Wage and benefits of child care employees is another pressing issue. Most child care positions require a four-year degree, yet employees typically receive minimum wage with no access to benefits due to the narrow profit margins of providers.

According to the Bureau of Labor Statistics’ Occupational Employment and Wage Statistics, the median child care worker earned $14.49 an hour in 2022. This low income and lack of benefits make child care centers unattractive workplaces creating a substantial barrier to scalability. With ARPA funding, providers have been able to raise wages and sustain staff. For example, a child care center who has been receiving around $640,000 annually from the ARPA grants will face a $1.2 million budget gap requiring them to raise their base tuition from $1,275 a month for infants to 3 years olds to $2,000 a month. The base rate for preschool was $925 a month and is now $1,600. Nonetheless, the center will still face an approximate $900k loss.

Politicians are advocating for employers to take on a larger role in addressing the child care crisis. While employers can contribute by offering increased flexibility, such as teleworking options, they cannot resolve the crisis — and we should not rely on them to do so. Such an approach might lead to a system akin to our current health insurance setup, leaving out gig workers, those in informal employment and those who lose their jobs. Moreover, employers can swiftly retract these benefits, particularly during periods of economic uncertainty like today. Furthermore, they cannot effectively address the core issue of providing wages to attract more talent. The responsibility for filling these gaps with funding rests with our government. If government officials muster the courage to provide funding to bridge these gaps, the long-term returns on investment would be ten-fold.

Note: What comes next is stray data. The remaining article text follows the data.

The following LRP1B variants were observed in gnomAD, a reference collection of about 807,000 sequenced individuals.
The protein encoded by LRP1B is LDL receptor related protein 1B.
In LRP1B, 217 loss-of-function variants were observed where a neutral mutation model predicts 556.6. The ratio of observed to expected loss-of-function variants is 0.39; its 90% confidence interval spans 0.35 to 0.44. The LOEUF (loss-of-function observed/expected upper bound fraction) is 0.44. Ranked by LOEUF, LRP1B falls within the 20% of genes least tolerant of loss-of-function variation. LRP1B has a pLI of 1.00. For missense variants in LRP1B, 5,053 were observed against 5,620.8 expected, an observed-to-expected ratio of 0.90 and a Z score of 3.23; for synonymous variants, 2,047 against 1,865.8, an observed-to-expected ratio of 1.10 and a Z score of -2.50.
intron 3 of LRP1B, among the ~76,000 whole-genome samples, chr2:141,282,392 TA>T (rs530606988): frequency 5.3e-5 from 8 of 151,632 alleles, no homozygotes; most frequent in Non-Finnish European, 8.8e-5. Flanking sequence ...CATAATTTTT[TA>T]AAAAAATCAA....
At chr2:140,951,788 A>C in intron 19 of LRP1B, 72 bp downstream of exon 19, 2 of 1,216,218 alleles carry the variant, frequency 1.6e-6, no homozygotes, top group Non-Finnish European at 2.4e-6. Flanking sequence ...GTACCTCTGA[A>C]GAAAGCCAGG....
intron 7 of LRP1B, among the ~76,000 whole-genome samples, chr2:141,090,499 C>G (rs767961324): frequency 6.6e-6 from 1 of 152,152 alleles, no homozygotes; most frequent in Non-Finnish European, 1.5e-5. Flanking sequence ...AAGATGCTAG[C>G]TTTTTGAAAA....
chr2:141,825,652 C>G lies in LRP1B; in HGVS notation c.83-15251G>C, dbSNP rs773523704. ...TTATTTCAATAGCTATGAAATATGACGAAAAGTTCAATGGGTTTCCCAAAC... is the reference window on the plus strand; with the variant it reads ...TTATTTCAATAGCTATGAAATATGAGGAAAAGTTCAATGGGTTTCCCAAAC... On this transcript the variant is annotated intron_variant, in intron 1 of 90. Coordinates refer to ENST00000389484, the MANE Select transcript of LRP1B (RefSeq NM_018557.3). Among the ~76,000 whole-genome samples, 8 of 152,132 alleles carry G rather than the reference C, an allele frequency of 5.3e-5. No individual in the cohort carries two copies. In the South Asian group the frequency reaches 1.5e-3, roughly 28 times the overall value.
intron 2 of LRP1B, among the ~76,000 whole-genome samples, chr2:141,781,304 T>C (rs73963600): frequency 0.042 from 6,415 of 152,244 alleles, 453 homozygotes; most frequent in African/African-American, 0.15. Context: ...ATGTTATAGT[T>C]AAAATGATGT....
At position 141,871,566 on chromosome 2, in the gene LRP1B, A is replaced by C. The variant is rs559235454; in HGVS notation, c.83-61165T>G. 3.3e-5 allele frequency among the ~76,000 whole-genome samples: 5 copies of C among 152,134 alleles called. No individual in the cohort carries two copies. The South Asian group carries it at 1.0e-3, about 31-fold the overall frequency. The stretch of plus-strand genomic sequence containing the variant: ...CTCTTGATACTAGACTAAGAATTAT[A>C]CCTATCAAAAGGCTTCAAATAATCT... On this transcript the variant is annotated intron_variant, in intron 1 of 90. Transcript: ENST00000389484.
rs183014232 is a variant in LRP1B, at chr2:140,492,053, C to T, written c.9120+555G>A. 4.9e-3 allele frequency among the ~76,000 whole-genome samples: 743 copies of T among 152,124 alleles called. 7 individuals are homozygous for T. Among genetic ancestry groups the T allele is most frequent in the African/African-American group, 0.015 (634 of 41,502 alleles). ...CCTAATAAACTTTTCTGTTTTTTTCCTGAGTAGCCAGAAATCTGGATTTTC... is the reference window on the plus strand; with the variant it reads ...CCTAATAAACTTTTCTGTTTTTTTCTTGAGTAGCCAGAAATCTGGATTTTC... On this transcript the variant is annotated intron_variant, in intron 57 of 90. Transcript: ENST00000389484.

Recognizing child care as a critical piece of our infrastructure is not just a social imperative; it is an economic necessity. As we approach a pivotal moment with significant funding expiring, government officials, on all levels, must take decisive action to support child care providers and ensure families, particularly women, are not forced out of the workforce due to a lack of accessible and affordable child care.

The expiration of funding would not only cripple the child care system but also have far-reaching repercussions on our economy, potentially costing us billions in untapped economic growth. The consequences of child care center closures would ripple throughout our nation, hindering productivity and growth precisely when we need it most.

Mackenzie Genecov

Mackenzie Genecov is an economic development specialist for the U.S. Economic Development Administration; however, her opinions are personal and not representative of the agency. Mackenzie has a master’s degree from the University of Denver in Global Finance, Trade and Economic Integration. She moved to Utah from Colorado a year and a half ago with her family to be closer to the outdoors. After extreme difficulties finding quality affordable child care and then being on waitlists for over a year, she’s become a child care advocate.